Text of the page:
Developments around Bitcoin #
The fact that Bitcoin (BTC) is considered a financial revolution has a major impact on reflexivity. Statements such as ‘Bitcoin is an unstable factor that will never survive as a serious means of payment’ also influence the market. These are both not factual matters, but sentimental events. These statements have a major influence on the price effect around the coin. Are we flocking to Bitcoin as the coin is taking a leap and positive in the news? Then the popularity increases and so does the price. If the price collapses, as is the case at the time of writing (May 2022), many people will sell and it will go for the proverbial dime.
Bitcoin’s price development is relevant to the entire crypto market, as it is an influential resource. This is of course mainly because the market is young and many people hardly know anything about the market and the possibilities. In addition, altcoins often follow the price of Bitcoin, making it actually a self-fulfilling prophecy. For example, many people also predicted that the price of Bitcoin would rise to $200,000 by the end of 2021, which as we know has not happened. Worse yet, we’ve fallen a long way down.
Bitcoin & the feedback loop #
Based on the price shifts in recent years, you can see very well how Market Reflexivity works in practice. In 2020 and 2021, there was a dire bull market, meaning the price is rising and higher than normal. The crypto market was doing very well, until Elon Musk announced that Bitcoin was no longer accepted as a payment method at Tesla. In addition, mining was no longer allowed in China, which changed the sentiment in the market.
Prices fell and tensions prevailed in the crypto market. The panic caused many people to put their coins on sale. This led to even more panic last year, pushing us to a low point. Currently, Bitcoin (BTC) has fallen to 27k, leaving many investors waiting for another price hike and some perspective on the market. So, you see, a reflexive market is fickle and exciting, which has far-reaching consequences for the consumer.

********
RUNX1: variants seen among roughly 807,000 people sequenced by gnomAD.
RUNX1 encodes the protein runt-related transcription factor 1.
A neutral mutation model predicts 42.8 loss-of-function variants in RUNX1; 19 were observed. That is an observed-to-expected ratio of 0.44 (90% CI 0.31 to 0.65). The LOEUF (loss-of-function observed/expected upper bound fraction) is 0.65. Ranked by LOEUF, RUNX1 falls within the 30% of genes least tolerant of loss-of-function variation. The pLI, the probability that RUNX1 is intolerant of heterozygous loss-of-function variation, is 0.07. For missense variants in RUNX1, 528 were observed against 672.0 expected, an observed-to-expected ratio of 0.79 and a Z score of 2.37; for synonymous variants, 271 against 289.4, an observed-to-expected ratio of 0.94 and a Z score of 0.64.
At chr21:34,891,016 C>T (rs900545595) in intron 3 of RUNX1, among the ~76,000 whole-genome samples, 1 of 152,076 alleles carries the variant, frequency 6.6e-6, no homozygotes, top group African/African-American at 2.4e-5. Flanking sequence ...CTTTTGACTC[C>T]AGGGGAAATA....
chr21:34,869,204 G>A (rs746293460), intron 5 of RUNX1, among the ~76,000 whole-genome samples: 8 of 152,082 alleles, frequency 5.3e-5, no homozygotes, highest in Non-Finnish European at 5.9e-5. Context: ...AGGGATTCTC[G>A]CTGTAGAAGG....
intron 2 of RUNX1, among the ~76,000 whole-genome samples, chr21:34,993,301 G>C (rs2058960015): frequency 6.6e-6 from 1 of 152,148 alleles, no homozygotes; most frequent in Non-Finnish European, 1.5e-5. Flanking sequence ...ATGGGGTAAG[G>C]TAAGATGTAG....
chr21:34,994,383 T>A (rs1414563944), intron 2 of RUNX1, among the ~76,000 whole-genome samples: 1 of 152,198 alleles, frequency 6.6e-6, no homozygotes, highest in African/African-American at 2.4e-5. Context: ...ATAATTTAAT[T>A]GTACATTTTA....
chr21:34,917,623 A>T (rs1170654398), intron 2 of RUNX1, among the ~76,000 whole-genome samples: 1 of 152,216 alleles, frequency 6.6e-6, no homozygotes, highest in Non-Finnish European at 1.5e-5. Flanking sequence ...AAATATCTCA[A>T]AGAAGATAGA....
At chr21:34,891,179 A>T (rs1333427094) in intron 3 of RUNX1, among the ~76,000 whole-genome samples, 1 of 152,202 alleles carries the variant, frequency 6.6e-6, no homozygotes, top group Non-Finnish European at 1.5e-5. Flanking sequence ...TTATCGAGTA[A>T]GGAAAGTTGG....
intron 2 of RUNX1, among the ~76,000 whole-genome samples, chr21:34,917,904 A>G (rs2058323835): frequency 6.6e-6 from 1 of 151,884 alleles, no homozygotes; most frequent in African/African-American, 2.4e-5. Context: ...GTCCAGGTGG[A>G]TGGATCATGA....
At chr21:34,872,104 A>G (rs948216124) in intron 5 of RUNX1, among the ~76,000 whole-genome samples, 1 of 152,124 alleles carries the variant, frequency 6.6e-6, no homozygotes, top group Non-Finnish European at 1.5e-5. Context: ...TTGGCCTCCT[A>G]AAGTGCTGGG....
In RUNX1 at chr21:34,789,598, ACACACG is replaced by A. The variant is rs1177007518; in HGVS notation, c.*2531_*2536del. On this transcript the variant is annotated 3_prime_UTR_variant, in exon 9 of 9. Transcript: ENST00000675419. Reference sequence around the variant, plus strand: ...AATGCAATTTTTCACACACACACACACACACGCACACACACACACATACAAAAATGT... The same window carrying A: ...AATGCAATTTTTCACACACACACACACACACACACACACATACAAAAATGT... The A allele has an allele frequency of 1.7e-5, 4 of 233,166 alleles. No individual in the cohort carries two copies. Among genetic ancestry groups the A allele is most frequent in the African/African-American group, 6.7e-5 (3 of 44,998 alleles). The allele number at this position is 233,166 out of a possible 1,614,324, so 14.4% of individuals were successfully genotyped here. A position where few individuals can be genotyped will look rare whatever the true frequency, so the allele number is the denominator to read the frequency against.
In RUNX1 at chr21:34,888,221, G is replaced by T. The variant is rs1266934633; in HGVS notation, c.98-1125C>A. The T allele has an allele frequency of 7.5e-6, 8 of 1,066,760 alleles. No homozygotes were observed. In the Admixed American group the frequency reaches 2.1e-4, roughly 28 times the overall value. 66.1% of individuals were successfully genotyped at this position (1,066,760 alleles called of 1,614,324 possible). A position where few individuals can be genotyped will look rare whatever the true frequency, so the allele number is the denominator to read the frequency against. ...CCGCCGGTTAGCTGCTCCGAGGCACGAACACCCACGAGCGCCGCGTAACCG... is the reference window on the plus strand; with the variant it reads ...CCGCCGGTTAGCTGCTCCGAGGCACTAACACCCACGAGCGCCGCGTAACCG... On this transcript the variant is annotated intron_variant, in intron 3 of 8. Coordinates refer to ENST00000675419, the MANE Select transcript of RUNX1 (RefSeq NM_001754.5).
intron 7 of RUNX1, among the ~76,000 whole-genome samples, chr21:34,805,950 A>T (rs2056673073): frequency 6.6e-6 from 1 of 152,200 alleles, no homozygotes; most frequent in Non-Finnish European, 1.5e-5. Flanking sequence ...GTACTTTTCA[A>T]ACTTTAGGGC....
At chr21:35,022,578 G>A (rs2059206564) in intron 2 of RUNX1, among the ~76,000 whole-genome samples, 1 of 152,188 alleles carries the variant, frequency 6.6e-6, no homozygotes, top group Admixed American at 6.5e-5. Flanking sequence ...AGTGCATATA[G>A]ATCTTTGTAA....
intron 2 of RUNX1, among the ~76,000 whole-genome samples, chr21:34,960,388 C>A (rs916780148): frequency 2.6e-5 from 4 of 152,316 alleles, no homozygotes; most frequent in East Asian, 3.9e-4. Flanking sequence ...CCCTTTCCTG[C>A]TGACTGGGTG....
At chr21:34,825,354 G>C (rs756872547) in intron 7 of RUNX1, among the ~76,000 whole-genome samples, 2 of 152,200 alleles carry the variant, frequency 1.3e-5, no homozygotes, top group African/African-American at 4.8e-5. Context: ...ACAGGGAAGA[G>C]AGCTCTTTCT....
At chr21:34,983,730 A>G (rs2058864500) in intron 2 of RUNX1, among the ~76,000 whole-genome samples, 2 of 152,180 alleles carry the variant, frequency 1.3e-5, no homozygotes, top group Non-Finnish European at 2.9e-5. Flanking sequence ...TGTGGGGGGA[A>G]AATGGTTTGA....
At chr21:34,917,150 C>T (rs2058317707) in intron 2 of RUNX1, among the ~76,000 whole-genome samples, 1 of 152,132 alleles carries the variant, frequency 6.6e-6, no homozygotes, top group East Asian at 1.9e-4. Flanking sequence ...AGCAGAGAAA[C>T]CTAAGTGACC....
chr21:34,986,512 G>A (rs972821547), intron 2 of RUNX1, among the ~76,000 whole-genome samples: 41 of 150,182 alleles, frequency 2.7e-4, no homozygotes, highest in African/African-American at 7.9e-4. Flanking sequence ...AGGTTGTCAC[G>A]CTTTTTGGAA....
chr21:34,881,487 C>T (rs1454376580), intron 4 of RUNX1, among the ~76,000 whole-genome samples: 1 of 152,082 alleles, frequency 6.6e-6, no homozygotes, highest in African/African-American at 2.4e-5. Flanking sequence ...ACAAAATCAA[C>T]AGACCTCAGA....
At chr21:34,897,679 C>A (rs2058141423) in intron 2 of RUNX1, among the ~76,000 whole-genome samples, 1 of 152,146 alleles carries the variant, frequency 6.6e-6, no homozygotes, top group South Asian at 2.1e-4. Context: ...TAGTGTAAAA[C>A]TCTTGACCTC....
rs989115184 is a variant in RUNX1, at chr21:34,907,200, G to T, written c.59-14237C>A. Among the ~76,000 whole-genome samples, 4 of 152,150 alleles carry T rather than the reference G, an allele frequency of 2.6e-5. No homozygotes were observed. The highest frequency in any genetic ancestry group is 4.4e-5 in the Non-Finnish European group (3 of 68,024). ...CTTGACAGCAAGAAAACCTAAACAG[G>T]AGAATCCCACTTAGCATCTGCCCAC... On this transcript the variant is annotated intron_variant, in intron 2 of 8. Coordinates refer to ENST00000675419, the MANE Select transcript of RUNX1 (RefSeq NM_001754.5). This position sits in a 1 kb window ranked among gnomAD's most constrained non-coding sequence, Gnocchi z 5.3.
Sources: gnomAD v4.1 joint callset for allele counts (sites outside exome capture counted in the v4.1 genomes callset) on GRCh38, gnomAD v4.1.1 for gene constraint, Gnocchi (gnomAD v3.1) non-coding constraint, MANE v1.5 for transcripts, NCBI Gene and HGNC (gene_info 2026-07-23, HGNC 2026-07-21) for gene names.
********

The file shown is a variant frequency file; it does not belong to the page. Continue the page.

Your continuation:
Besides, what also influences the price of Bitcoin is the inflated value and the fact that people have come to see Bitcoin as a Store of Value (SoV). It is also called ‘the digital gold’, because of the value that owners have in their hands. The relationship between the two perceptions causes the price to be pushed up, resulting in reflexivity.
Despite the fact that reflexivity is basically a sociological term, we will use the term in this article to refer to the economic market. What does the cause-and-effect relationship have to do with the financial market and how does the price adjust to these fluctuations?
In short, reflexivity is the self-reinforcing effect of market sentiment, causing prices to pull through investor perception, until the process becomes unsustainable. George Soros is a big name that is often associated with this definition. He gives a good example based on the current housing market. House prices are rising > more houses are being sold and mortgage loans are being issued > prices are rising further > things are getting out of hand and becoming unaffordable. The market price is no longer in proportion to the intrinsic value, causing the market to collapse.